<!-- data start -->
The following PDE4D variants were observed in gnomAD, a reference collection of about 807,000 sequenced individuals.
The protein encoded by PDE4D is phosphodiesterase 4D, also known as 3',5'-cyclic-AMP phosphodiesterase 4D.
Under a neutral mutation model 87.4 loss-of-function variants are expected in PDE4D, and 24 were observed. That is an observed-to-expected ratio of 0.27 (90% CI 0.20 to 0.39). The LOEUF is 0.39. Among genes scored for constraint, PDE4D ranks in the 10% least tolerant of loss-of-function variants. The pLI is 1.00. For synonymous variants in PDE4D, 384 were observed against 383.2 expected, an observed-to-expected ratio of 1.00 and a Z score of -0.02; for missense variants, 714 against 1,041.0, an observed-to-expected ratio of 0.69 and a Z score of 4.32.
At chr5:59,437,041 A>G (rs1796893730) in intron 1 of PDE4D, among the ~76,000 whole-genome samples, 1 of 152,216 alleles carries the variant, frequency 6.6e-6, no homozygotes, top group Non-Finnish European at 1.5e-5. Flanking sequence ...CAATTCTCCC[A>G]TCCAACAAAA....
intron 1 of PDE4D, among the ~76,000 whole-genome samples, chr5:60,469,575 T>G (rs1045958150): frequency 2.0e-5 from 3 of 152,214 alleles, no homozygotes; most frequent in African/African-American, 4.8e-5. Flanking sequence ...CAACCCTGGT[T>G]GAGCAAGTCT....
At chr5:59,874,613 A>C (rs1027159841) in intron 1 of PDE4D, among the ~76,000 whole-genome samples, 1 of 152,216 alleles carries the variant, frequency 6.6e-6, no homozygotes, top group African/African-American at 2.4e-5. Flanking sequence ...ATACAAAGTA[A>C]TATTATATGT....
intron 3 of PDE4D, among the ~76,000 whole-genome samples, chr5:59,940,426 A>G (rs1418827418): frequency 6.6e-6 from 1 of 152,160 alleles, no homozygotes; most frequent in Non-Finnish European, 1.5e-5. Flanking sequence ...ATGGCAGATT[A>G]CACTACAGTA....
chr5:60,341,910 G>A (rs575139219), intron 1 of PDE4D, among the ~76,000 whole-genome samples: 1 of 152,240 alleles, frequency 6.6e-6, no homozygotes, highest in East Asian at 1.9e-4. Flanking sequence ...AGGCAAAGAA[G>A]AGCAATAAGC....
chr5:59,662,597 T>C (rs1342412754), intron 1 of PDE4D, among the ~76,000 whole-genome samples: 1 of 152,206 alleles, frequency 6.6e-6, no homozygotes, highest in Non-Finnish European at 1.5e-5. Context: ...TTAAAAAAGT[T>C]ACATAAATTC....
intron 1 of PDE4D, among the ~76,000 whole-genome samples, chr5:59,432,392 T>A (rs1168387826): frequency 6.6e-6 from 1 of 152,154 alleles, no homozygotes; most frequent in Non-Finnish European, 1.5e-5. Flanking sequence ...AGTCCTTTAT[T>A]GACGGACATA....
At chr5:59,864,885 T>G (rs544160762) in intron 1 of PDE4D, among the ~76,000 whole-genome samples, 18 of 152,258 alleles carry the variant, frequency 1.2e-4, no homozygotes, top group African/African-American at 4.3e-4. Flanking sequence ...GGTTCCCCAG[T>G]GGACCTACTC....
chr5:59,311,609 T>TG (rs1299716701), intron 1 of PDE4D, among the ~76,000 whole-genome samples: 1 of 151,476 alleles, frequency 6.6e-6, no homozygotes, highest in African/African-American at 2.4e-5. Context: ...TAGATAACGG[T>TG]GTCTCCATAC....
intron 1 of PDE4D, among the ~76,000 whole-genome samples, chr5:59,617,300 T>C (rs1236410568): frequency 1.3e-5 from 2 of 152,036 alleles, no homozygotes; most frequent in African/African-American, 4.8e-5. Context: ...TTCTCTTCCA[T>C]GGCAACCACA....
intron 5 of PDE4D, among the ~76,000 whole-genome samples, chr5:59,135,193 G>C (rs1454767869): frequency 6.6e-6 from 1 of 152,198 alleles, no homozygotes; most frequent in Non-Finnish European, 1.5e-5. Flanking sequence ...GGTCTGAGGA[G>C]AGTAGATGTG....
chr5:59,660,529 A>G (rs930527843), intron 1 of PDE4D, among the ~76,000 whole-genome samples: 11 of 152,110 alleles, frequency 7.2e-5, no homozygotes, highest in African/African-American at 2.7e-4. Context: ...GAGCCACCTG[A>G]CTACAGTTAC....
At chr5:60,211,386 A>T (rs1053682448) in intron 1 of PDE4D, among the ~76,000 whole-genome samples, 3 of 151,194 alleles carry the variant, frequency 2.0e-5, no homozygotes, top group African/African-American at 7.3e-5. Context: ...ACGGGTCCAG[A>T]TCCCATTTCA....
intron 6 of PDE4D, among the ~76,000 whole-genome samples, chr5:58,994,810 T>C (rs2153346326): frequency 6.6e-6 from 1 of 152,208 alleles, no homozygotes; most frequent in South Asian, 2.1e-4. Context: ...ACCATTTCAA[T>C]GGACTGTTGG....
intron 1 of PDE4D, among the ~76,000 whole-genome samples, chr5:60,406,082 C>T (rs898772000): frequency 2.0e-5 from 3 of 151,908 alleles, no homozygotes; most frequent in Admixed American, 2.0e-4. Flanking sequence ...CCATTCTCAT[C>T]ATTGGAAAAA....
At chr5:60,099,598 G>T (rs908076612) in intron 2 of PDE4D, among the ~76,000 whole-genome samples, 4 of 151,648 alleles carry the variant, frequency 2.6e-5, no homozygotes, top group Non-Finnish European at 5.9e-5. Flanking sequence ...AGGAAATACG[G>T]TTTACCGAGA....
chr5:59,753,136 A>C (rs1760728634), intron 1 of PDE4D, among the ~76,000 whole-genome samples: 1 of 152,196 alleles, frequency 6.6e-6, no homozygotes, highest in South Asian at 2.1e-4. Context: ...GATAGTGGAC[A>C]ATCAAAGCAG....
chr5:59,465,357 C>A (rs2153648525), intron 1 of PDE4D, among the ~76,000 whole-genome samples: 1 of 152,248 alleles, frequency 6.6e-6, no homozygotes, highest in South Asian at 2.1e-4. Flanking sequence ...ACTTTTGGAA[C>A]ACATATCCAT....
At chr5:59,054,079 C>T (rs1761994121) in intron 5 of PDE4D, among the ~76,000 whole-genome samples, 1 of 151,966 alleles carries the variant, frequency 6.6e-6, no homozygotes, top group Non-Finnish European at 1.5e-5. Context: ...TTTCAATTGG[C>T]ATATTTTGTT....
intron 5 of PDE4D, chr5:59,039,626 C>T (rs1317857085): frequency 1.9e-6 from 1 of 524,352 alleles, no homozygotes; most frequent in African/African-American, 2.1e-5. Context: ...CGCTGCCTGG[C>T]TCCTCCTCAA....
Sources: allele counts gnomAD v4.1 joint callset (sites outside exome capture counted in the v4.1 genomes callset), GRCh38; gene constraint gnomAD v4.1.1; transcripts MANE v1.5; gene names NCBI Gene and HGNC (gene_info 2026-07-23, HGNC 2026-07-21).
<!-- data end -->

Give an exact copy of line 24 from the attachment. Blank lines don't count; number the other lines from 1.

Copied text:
Sources: allele counts gnomAD v4.1 joint callset (sites outside exome capture counted in the v4.1 genomes callset), GRCh38; gene constraint gnomAD v4.1.1; transcripts MANE v1.5; gene names NCBI Gene and HGNC (gene_info 2026-07-23, HGNC 2026-07-21).